Game Three and my opponent was down to five cards this time in the mulligan. I had the perfect curve of three lands, two one drops, a two drop and a spell. I decided that there was only one way to win and by pushing the card advantage, I’d maybe be able to beat him before he came online. I was able to draw spell after spell, with the Mono-Red being able to play off three lands I had a plethora of small creatures chipping in for five damage at a time. My opponent answered with a couple of removal spells but with only three lands as well he could only do this one at a time. Even when he had card advantage he was digging deep for answers and being able to pull two lightning strikes in a row was able to finish him. I felt bad that he really didn’t get a chance to do much. Then again control players know they want to play a long game, leaving them exposed to aggressive strategies. I had finally scored a win against control. I was really proud of getting ahead and finally securing two match wins in a session. This was my best record yet and I was feeling confident going into match three.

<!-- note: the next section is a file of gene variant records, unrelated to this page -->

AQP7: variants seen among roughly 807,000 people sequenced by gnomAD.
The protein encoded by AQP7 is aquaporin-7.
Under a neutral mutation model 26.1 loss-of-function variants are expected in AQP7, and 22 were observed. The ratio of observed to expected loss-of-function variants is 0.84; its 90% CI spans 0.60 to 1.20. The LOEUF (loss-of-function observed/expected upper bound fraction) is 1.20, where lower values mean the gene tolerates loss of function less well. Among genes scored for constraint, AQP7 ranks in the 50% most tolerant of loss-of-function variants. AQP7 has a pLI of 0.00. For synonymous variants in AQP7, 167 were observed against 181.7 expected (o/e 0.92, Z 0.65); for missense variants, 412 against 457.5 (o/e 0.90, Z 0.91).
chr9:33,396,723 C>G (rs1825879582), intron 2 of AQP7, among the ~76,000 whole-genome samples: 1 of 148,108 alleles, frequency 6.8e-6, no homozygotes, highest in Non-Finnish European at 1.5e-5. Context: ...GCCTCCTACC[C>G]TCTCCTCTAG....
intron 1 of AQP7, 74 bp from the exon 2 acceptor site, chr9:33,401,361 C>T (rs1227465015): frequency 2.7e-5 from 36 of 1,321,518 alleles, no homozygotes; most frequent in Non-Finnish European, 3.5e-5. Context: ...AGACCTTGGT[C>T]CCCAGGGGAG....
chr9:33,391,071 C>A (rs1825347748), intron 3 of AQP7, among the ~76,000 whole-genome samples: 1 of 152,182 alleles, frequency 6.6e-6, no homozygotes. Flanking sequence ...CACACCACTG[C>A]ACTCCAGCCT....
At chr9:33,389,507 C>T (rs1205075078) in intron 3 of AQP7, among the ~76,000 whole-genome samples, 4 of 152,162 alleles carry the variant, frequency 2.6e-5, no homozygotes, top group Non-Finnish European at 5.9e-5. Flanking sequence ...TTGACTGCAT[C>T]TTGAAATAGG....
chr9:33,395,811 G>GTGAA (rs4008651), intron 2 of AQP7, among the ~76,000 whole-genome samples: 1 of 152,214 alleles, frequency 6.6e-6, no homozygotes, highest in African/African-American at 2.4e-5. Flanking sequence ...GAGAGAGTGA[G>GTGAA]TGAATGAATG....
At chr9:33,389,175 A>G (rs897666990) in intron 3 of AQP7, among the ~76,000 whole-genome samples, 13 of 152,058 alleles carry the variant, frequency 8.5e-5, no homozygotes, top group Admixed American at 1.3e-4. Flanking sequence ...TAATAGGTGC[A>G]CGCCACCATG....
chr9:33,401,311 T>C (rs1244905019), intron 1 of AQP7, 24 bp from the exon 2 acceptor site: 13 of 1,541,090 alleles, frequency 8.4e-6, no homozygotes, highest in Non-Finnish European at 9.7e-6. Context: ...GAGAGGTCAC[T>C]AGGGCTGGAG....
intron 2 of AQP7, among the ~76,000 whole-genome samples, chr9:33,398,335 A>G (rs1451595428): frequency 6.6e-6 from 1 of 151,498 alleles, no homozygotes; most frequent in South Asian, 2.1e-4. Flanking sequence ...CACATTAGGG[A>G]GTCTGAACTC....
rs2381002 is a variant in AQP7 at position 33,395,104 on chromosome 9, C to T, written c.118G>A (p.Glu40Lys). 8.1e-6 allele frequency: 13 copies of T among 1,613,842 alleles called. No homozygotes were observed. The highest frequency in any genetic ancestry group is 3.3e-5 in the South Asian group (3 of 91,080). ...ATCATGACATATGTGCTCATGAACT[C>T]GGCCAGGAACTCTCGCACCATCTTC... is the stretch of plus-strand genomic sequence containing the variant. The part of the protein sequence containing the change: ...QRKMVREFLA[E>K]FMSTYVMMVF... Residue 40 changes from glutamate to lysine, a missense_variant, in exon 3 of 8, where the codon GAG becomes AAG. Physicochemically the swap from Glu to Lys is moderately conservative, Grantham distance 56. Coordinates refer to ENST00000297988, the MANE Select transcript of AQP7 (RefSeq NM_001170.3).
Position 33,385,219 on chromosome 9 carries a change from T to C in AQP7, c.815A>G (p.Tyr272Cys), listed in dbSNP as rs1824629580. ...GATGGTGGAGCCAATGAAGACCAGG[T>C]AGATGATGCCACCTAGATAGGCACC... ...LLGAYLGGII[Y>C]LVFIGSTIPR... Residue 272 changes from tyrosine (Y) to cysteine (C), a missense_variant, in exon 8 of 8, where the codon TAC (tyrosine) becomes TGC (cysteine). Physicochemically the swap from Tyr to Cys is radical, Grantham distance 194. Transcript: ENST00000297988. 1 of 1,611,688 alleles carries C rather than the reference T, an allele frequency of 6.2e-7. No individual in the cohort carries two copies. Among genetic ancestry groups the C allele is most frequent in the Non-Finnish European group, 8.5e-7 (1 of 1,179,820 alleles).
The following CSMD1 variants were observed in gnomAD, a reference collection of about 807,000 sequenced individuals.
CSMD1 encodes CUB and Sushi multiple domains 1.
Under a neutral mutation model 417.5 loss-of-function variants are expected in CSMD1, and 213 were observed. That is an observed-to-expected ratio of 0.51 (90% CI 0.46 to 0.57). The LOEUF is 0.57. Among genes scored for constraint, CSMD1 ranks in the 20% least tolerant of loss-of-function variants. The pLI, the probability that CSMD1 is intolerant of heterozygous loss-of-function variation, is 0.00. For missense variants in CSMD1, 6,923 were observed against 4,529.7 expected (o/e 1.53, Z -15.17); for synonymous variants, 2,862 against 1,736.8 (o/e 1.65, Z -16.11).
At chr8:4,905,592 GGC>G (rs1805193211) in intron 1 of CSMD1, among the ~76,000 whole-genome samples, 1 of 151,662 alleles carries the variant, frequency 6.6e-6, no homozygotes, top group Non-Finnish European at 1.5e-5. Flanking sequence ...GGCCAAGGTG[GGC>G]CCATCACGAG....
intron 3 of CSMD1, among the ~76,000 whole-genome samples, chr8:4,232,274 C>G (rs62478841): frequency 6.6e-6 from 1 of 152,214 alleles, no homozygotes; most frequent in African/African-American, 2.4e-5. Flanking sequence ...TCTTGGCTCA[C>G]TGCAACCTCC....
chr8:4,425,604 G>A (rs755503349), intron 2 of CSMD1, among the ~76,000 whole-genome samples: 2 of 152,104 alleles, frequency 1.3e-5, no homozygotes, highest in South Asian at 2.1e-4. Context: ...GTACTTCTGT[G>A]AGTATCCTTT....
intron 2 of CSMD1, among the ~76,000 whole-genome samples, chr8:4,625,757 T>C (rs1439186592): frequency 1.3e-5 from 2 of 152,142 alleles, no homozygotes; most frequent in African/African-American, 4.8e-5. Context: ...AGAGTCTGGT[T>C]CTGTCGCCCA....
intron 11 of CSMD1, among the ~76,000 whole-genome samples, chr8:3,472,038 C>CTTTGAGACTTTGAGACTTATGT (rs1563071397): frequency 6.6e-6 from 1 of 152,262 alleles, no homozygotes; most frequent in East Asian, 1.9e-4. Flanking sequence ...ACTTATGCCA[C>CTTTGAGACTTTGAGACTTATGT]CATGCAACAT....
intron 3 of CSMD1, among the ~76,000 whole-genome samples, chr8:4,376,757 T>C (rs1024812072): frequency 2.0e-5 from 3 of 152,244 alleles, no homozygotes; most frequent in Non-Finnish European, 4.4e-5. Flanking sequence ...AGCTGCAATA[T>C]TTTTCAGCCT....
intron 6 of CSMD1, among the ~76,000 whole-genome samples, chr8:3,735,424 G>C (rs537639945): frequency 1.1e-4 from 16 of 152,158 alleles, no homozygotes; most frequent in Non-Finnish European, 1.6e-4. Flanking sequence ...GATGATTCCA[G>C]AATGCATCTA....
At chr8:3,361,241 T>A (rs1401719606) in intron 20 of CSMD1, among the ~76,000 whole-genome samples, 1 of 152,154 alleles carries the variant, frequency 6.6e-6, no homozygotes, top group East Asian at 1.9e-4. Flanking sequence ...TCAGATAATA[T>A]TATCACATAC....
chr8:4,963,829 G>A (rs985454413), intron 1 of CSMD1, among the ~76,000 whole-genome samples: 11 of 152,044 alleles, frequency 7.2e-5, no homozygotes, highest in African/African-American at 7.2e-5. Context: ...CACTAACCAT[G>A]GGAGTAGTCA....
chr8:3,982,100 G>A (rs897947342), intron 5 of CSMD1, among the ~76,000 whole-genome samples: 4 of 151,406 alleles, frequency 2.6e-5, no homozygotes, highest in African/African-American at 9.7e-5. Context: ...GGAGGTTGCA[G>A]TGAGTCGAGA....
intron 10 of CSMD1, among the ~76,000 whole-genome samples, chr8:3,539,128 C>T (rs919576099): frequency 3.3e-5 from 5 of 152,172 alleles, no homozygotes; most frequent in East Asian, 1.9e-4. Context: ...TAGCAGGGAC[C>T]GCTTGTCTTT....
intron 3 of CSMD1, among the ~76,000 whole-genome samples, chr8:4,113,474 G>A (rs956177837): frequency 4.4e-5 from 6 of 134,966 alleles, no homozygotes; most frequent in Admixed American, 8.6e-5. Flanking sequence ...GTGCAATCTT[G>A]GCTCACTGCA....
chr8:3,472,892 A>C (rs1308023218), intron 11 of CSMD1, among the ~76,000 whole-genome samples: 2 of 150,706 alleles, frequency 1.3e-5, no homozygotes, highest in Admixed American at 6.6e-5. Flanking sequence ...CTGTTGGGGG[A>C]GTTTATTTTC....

Match three I had heard rumors of the opponent’s new deck being pretty scary. It was based on Jeskai control and he mentioned that he was prepped against aggro and that I should be careful. Jokingly I mentioned that when there was a will, there was a way and we shuffled up to start game one. I had to go to six cards and then had a hand filled with spells and no creatures. I was able to grab a couple of creatures but Deafening Clarion made short work of most of them. My opponent then played his trump cards. Three planeswalkers came down back to back and this card called Oath of Teferi, letting him uptick his Hero cards twice in a turn. There was nothing I could do really, I played the game out for a little longer to see what else was in the deck but conceded once Huatli, Warrior Poet was in action as there was nothing I could do.
The second game I had another golden hand. My opponent didn’t have any removal or a blue source of land to counter any of my creatures. I started chipping away was trying to hit him at the end of his turn with all my spells landing with virtually no counter. I’d made the right choice to mulligan my first hand and was gifted with a perfect timing of Experimental Frenzy off the top of my deck. This is when I took off, playing creatures in tandem with spells to get him all the way down to one life. I waited for my turn to come around and was able to play the land off the top. My opponent was tapped out from his removal and looked frustrated that he couldn’t counter whatever was to come next. A chainwhirler off the top did the job and pushed the one damage I needed. We quickly shuffled up and got straight into game three.